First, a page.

An international germplasm evaluation program that has been delivering elite bread wheat germplasm for developing advanced new Australian wheat varieties is to be expanded to include durum wheat and barley.
The germplasm is imported through the GRDC’s CAIGE project that tests the material in Australian yield and disease trials. Through CAIGE, mechanisms have been put in place to fast track and centralise the annual importation, evaluation and data-sharing of internationally bred germplasm.
The additional durum and barley genetic resources are to be sourced from the same centres providing bread wheat germplasm. These are the International Maize and Wheat Improvement Center (CIMMYT) and the International Center for Agricultural Research in the Dry Areas (ICARDA). All activities will continue to be run under CAIGE (the CIMMYT-Australia-ICARDA Germplasm Evaluation program).
While CAIGE is coordinated by Professor Richard Trethowan, the director of the Narrabri Plant Breeding Institute, Dr Mark Dieters of the University of Queensland has been appointed to coordinate the introduction of ICARDA barley germplasm. Dr Dieters is a quantitative geneticist based at the School of Agriculture and Food Sciences and is responsible for analysing data from CAIGE field trials.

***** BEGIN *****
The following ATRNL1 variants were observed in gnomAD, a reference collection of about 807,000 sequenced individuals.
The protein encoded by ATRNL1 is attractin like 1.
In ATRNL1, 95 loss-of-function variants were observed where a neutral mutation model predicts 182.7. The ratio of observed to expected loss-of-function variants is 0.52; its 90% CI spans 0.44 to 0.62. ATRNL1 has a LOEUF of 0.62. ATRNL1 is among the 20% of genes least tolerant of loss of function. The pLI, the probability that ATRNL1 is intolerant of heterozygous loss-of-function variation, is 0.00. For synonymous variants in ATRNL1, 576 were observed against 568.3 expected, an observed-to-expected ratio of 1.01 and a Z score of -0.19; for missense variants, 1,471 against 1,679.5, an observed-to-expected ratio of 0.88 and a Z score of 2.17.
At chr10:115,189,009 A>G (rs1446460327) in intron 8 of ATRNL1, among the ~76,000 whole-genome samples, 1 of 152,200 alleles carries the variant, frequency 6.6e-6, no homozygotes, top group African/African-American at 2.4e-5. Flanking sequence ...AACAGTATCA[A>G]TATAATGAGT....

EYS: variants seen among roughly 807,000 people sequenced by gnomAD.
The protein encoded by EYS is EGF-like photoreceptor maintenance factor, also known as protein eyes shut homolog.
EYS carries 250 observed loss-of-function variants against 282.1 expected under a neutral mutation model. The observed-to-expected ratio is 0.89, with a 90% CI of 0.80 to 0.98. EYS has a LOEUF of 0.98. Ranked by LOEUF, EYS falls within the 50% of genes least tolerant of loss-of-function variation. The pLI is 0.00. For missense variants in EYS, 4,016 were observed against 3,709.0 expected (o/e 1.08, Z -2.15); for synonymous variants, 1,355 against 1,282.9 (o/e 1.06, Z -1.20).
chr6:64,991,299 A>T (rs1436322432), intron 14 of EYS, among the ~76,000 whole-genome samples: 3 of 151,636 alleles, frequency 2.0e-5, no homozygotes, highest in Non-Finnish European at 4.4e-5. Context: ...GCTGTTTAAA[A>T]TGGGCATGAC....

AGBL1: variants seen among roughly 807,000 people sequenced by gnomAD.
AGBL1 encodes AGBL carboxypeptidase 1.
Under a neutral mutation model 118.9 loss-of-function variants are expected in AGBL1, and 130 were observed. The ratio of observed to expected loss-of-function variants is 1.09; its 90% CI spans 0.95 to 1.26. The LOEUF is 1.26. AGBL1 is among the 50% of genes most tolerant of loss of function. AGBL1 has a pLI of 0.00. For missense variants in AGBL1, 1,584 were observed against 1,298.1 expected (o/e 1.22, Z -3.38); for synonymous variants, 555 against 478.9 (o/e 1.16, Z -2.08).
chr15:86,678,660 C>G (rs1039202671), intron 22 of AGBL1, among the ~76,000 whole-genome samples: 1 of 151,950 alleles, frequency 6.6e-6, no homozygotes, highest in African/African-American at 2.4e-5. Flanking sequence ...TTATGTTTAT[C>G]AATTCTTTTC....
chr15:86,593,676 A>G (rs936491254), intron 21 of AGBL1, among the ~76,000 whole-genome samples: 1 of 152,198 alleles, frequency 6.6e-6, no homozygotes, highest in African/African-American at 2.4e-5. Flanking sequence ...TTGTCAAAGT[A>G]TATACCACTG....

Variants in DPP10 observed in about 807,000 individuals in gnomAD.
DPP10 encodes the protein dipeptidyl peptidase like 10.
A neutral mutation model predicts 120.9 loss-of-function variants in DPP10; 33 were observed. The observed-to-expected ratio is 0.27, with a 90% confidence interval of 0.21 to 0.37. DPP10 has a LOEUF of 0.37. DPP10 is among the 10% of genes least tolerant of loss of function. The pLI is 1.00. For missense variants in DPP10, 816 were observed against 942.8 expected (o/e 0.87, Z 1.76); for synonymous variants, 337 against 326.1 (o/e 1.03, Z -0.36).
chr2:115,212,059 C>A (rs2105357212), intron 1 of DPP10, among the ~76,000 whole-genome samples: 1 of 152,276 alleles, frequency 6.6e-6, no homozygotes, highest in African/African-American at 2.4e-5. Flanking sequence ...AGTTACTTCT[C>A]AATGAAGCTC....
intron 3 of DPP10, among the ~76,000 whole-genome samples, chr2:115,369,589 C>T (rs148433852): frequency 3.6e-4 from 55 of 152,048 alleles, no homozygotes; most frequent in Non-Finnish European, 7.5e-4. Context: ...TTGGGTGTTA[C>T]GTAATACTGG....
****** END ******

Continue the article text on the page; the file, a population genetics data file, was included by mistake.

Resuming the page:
Dr Dieters says the CAIGE program is special because of the streamlined processes and integrated database developed to fast track the screening of imported genetic resources. In a system unique to Australia, seed from CIMMYT is provided a year earlier than elsewhere in the world to compensate for delays due to Australia’s strict quarantine restrictions.
Dr Dieters says that unlike CAIGE activities for wheat, which only imports elite material, the barley sub-program will also import landraces from ICARDA – a specialist centre for barley breeding and barley biodiversity.
Since CAIGE uses in-kind contributions from breeding companies to run the majority of field trials, Dr Dieters has been negotiating with the main barley-breeding companies to establish a similar system to test future shipments of ICARDA barley.
Also, the GRDC’s Dr Omid Ansari, project manager for traits, is using the CAIGE model to expand and rationalise the importation of chickpea germplasm and to make information available to breeders through the CAIGE database and website.
“Australia has been importing chickpea germplasm from ICARDA since 2007,” Dr Ansari says. “Given we have the import and quarantine processes in place already, it makes sense to expand the genetic base for the chickpea program by also importing elite material from the International Crops Research Institute for the Semi-Arid Tropics (ICRISAT) in India.”
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